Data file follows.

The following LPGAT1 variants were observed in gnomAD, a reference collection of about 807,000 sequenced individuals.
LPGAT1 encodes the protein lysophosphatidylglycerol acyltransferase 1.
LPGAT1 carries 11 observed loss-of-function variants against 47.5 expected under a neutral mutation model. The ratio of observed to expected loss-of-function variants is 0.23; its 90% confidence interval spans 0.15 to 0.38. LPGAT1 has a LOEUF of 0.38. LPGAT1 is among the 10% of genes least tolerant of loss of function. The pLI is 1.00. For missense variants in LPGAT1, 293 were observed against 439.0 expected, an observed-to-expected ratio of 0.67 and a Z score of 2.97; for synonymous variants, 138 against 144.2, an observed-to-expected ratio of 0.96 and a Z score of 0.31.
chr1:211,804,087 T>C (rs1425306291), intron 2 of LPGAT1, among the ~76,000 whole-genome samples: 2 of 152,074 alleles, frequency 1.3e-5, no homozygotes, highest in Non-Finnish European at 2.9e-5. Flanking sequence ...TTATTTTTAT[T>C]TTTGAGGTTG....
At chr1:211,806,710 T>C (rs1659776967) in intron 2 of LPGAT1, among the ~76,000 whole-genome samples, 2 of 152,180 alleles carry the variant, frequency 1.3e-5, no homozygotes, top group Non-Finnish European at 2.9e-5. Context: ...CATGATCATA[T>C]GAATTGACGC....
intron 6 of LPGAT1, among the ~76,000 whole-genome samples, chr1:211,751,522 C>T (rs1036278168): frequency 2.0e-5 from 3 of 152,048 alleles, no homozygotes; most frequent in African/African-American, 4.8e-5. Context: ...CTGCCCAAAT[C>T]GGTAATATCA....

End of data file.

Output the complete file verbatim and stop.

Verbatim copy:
The following LPGAT1 variants were observed in gnomAD, a reference collection of about 807,000 sequenced individuals.
LPGAT1 encodes the protein lysophosphatidylglycerol acyltransferase 1.
LPGAT1 carries 11 observed loss-of-function variants against 47.5 expected under a neutral mutation model. The ratio of observed to expected loss-of-function variants is 0.23; its 90% confidence interval spans 0.15 to 0.38. LPGAT1 has a LOEUF of 0.38. LPGAT1 is among the 10% of genes least tolerant of loss of function. The pLI is 1.00. For missense variants in LPGAT1, 293 were observed against 439.0 expected, an observed-to-expected ratio of 0.67 and a Z score of 2.97; for synonymous variants, 138 against 144.2, an observed-to-expected ratio of 0.96 and a Z score of 0.31.
chr1:211,804,087 T>C (rs1425306291), intron 2 of LPGAT1, among the ~76,000 whole-genome samples: 2 of 152,074 alleles, frequency 1.3e-5, no homozygotes, highest in Non-Finnish European at 2.9e-5. Flanking sequence ...TTATTTTTAT[T>C]TTTGAGGTTG....
At chr1:211,806,710 T>C (rs1659776967) in intron 2 of LPGAT1, among the ~76,000 whole-genome samples, 2 of 152,180 alleles carry the variant, frequency 1.3e-5, no homozygotes, top group Non-Finnish European at 2.9e-5. Context: ...CATGATCATA[T>C]GAATTGACGC....
intron 6 of LPGAT1, among the ~76,000 whole-genome samples, chr1:211,751,522 C>T (rs1036278168): frequency 2.0e-5 from 3 of 152,048 alleles, no homozygotes; most frequent in African/African-American, 4.8e-5. Context: ...CTGCCCAAAT[C>T]GGTAATATCA....